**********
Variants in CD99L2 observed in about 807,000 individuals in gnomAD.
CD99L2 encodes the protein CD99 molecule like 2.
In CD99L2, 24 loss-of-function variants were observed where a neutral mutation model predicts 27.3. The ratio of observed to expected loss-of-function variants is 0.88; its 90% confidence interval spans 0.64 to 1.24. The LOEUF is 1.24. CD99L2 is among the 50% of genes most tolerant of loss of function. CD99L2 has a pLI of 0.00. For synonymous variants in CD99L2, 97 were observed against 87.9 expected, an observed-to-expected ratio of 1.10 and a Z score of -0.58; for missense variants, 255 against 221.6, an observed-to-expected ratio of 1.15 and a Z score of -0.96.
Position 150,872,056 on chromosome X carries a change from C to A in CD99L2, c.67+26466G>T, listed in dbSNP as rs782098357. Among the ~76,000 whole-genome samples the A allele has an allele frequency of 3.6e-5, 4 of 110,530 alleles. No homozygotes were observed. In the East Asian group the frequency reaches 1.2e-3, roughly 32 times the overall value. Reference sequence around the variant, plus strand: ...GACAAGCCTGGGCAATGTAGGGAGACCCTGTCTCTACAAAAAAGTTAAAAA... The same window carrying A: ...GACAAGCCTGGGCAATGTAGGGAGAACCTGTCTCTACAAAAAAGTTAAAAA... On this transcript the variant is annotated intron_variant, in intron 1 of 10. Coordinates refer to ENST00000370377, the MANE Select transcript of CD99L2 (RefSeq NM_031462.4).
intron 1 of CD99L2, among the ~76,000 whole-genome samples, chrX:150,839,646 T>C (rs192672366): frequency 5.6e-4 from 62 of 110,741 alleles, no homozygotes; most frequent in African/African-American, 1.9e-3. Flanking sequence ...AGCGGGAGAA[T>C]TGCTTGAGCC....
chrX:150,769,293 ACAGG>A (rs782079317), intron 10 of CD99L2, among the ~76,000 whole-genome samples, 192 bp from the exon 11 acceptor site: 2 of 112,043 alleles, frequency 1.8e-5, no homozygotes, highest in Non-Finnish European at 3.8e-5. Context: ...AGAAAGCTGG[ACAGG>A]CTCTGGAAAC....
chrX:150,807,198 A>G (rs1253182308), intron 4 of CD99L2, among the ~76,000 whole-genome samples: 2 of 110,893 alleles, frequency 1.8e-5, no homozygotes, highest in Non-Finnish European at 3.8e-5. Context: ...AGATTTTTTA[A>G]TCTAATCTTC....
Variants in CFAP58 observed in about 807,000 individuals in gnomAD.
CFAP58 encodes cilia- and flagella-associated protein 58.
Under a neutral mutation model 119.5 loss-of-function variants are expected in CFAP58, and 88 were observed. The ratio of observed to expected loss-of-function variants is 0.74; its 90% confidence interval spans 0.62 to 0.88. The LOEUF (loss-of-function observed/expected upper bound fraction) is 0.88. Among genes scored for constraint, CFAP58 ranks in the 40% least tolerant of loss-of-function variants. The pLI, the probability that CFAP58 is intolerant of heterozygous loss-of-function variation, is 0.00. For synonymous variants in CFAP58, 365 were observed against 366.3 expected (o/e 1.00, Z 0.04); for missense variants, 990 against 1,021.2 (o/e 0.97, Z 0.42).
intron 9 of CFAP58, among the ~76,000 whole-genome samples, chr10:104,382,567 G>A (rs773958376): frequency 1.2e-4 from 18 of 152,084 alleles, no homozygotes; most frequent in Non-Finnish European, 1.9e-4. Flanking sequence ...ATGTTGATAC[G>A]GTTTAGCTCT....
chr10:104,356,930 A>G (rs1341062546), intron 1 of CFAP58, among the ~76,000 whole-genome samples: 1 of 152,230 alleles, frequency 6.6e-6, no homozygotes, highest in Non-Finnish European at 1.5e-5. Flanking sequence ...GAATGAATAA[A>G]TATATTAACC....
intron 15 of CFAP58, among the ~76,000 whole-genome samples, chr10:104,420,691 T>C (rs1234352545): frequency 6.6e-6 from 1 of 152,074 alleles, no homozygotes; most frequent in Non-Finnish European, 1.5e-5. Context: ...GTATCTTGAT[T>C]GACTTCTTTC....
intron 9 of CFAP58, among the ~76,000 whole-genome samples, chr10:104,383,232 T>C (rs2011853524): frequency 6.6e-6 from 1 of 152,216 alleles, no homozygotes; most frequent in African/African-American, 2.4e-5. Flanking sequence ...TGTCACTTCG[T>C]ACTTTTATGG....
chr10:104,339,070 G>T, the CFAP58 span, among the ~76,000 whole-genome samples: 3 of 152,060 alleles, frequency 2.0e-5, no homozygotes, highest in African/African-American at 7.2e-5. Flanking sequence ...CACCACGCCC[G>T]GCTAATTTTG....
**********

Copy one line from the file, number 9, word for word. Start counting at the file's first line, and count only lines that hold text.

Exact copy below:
CFAP58 encodes cilia- and flagella-associated protein 58.